C:n Ratio - Research Article from Environmental Encyclopedia

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Organic materials are composed of a mixture of carbohydrates, lignins, tannins, fats, oils, waxes, resins, proteins, minerals, and other assorted compounds. With the exception of the mineral fraction, the organic compounds are composed of varying ratios of carbon and nitrogen. This is commonly abbreviated to the C:N ratio. Carbohydrates are composed of carbon, hydrogen, and oxygen and are relatively easily decomposed to carbon dioxide and water, plus a small amount of other by-products. Protein-like materials are the prime source of nitrogen compounds as well as sources of carbon, hydrogen, and oxygen and are important to the development of the C:N ratio and the eventual decomposition rate of the organic materials.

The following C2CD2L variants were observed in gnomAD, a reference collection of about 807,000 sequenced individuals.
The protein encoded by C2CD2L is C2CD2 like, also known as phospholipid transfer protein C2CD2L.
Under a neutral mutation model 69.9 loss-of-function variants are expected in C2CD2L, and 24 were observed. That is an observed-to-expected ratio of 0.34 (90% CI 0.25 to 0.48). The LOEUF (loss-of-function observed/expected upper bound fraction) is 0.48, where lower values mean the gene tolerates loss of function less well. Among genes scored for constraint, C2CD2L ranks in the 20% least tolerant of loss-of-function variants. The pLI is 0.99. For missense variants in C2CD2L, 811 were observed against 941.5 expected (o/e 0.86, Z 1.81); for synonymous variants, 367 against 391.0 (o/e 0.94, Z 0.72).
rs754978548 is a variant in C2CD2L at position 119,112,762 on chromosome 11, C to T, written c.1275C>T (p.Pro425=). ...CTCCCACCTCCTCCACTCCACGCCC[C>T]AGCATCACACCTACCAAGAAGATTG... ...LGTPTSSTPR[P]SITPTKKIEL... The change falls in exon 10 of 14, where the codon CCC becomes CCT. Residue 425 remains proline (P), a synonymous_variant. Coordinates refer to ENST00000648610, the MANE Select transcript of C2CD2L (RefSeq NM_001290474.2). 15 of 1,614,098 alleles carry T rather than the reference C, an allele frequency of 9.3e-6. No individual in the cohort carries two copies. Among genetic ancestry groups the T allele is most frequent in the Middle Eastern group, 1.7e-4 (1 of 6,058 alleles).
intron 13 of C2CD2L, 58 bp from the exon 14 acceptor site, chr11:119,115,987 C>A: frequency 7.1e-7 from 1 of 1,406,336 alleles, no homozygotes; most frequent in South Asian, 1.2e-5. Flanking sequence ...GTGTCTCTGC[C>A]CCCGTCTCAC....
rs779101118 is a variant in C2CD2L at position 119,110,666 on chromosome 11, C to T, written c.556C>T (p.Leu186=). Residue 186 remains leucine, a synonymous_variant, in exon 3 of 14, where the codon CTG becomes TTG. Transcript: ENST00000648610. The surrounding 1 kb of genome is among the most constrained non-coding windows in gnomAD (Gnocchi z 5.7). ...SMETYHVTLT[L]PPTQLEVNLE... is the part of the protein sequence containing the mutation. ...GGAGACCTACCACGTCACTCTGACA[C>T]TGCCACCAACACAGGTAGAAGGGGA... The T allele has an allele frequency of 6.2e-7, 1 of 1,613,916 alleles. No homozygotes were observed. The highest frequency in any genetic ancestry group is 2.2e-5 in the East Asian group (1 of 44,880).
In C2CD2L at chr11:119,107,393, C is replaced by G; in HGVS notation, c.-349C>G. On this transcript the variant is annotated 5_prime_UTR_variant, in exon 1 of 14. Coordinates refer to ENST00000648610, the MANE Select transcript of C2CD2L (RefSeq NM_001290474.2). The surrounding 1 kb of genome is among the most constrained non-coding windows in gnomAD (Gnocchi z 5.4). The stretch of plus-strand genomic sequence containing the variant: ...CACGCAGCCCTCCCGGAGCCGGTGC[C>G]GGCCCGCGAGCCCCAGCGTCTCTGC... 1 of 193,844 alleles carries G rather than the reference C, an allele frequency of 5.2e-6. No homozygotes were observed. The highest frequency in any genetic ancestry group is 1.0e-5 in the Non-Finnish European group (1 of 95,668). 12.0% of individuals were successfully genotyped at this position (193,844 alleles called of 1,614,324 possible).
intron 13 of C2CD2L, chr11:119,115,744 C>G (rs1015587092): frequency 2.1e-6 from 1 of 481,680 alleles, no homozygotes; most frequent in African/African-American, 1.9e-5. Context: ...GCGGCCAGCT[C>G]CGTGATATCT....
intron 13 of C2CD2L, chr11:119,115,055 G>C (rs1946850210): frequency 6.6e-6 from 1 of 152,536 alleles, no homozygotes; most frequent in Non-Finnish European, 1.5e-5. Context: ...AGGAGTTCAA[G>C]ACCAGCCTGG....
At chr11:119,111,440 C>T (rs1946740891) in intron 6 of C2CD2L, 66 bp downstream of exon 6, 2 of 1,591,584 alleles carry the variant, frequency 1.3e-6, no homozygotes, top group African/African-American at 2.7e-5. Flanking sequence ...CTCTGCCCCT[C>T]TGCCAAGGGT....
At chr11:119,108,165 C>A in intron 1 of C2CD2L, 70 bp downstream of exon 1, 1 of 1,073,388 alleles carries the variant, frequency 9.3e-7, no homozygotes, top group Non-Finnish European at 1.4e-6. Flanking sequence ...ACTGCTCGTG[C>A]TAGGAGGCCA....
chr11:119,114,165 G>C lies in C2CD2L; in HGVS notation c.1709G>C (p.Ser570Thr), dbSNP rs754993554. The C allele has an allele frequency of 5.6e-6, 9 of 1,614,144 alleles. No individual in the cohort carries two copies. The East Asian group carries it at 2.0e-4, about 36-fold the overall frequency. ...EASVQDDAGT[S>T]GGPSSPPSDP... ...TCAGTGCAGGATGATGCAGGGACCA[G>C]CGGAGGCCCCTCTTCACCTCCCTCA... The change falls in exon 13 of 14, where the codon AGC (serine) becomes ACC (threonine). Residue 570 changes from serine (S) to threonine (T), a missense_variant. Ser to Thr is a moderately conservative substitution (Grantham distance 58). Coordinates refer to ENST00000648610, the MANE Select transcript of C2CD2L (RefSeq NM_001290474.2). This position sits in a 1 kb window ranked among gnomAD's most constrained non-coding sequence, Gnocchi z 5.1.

The aerobic heterotrophic bacteria are primarily responsible for the decay of the large amount of organic compounds generated on the earth's surface. These organisms typically have a C:N ratio of about...

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This section contains 609 words
(approx. 3 pages at 300 words per page)
Buy the C:n Ratio Encyclopedia Article
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C:n Ratio from Gale. ©2005-2006 Thomson Gale, a part of the Thomson Corporation. All rights reserved.
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